“In January 2024, NIRSpec observed this galaxy, JADES-GS-z14-0, for almost ten hours, and when the spectrum was first processed, there was unambiguous evidence that the galaxy was indeed at a redshift of 14.32, shattering the previous most-distant galaxy record (z = 13.2 of JADES-GS-z13-0). Seeing this spectrum was incredibly exciting for the whole team, given the mystery surrounding the source.

“This discovery was not just a new distance record for our team; the most important aspect of JADES-GS-z14-0 was that at this distance, we know that this galaxy must be intrinsically very luminous. From the images, the source is found to be over 1,600-light years across, proving that the light we see is coming mostly from young stars and not from emission near a growing supermassive black hole. This much starlight implies that the galaxy is several hundreds of millions of times the mass of the Sun! This raises the question: How can nature make such a bright, massive, and large galaxy in less than 300 million years?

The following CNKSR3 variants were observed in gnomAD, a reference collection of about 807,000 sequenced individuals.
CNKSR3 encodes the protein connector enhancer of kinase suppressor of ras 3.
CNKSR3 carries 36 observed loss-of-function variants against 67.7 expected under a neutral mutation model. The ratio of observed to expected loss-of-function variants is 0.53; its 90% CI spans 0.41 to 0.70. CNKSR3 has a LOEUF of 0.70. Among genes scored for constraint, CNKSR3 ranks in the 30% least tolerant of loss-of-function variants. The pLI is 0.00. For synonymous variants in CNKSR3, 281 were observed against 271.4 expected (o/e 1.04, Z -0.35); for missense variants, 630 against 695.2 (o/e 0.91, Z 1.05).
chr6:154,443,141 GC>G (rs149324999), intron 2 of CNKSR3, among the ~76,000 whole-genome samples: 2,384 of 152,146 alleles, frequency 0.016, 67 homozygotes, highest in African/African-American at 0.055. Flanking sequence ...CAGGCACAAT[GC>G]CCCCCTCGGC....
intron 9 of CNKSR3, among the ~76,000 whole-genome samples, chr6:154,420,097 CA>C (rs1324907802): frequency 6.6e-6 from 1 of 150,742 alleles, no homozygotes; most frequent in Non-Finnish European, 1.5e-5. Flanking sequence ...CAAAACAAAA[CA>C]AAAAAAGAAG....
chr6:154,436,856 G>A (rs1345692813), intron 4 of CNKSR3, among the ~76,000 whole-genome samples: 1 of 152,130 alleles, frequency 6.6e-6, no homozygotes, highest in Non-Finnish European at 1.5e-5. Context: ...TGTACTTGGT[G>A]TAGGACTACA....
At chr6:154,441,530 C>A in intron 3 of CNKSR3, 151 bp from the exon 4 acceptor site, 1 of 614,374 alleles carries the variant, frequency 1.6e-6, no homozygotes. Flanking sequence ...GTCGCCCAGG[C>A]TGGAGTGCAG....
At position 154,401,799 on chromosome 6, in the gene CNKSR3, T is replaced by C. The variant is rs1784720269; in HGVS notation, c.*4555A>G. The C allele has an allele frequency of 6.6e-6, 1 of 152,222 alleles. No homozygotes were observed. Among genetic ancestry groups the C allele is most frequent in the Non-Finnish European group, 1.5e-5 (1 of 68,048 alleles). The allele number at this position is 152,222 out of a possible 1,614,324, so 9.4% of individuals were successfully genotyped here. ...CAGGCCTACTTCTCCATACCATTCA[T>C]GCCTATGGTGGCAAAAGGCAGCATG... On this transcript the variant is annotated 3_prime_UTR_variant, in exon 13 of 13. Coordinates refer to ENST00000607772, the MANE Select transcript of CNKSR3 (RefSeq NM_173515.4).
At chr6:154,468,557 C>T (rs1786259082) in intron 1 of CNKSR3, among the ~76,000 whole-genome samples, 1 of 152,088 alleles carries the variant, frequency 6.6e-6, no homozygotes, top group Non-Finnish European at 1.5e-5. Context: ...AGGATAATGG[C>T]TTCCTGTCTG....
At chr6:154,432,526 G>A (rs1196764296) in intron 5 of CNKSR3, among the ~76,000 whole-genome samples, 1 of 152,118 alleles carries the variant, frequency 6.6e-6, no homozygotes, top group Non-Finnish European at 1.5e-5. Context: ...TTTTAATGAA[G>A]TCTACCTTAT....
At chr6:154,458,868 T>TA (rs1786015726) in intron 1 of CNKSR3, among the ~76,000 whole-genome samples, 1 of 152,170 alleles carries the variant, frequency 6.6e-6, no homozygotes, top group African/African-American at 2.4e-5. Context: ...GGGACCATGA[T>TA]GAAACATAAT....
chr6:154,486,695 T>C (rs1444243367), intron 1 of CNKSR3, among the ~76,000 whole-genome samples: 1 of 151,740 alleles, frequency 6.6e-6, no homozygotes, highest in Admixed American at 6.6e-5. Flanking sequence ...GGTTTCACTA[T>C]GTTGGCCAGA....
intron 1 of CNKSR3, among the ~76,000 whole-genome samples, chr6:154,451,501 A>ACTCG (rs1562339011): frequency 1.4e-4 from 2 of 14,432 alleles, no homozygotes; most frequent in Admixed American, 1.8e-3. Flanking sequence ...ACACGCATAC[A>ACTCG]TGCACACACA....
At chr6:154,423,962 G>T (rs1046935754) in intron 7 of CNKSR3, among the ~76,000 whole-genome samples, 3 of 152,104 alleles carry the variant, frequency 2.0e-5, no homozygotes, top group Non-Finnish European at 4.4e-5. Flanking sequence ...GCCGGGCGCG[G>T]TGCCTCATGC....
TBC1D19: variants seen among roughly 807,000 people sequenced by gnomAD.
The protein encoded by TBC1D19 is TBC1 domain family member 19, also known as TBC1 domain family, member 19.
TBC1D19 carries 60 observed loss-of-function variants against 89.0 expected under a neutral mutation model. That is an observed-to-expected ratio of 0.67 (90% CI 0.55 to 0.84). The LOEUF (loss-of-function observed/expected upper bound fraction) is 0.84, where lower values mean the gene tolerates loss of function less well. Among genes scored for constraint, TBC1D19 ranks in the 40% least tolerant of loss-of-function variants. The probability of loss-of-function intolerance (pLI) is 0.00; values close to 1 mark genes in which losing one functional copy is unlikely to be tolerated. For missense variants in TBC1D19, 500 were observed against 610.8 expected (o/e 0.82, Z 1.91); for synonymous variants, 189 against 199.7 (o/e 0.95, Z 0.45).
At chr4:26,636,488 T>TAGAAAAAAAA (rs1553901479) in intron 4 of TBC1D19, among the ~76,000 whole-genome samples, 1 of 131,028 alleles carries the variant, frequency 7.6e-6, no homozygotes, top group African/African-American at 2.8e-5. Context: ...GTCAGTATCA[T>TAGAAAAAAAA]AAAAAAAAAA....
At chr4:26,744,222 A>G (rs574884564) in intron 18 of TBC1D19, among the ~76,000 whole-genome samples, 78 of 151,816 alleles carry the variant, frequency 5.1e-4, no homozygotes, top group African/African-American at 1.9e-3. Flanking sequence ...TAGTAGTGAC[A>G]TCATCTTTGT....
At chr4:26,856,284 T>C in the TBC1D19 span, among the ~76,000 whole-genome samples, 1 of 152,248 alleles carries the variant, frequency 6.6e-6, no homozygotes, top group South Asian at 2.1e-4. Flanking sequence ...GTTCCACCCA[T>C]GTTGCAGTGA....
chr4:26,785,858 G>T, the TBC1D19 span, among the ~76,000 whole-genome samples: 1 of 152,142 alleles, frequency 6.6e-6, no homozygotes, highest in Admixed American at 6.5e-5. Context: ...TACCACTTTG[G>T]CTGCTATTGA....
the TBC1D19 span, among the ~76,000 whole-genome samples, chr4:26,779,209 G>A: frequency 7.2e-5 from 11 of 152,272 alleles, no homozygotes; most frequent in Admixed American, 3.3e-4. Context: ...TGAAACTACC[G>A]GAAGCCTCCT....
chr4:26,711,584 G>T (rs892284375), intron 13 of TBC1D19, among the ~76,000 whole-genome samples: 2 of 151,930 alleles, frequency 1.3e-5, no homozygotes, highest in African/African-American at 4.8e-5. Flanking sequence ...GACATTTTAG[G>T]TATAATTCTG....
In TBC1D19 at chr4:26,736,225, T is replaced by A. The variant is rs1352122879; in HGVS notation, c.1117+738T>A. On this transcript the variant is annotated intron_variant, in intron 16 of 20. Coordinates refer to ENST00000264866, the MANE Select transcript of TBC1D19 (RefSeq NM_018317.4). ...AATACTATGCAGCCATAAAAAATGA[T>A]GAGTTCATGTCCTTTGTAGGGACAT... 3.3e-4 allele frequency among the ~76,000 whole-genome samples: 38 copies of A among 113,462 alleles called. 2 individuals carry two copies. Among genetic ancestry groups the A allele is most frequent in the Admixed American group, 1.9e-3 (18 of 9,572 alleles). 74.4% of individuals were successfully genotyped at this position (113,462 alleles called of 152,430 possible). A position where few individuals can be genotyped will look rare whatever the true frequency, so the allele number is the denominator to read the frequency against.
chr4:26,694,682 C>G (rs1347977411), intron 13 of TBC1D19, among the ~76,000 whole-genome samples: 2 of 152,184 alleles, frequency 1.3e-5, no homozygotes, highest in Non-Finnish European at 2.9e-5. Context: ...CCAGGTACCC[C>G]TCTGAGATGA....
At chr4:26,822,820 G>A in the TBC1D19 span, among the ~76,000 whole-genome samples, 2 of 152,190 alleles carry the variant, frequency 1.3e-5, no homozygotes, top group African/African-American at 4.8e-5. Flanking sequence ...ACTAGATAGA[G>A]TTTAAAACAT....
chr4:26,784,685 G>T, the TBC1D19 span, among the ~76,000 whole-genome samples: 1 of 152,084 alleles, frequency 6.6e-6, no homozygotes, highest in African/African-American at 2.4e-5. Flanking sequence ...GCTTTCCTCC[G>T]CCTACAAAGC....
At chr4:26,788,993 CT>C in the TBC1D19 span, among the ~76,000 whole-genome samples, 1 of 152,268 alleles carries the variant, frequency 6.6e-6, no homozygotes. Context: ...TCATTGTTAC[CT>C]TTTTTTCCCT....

Unveiling New Insights From Ancient Light

“The data reveal other important aspects of this astonishing galaxy. We see that the color of the galaxy is not as blue as it could be, indicating that some of the light is reddened by dust, even at these very early times. JADES researcher Jake Helton of Steward Observatory and the University of Arizona also identified that JADES-GS-z14-0 was detected at longer wavelengths with Webb’s MIRI (Mid-Infrared Instrument), a remarkable achievement considering its distance. The MIRI observation covers wavelengths of light that were emitted in the visible-light range, which are redshifted out of reach for Webb’s near-infrared instruments.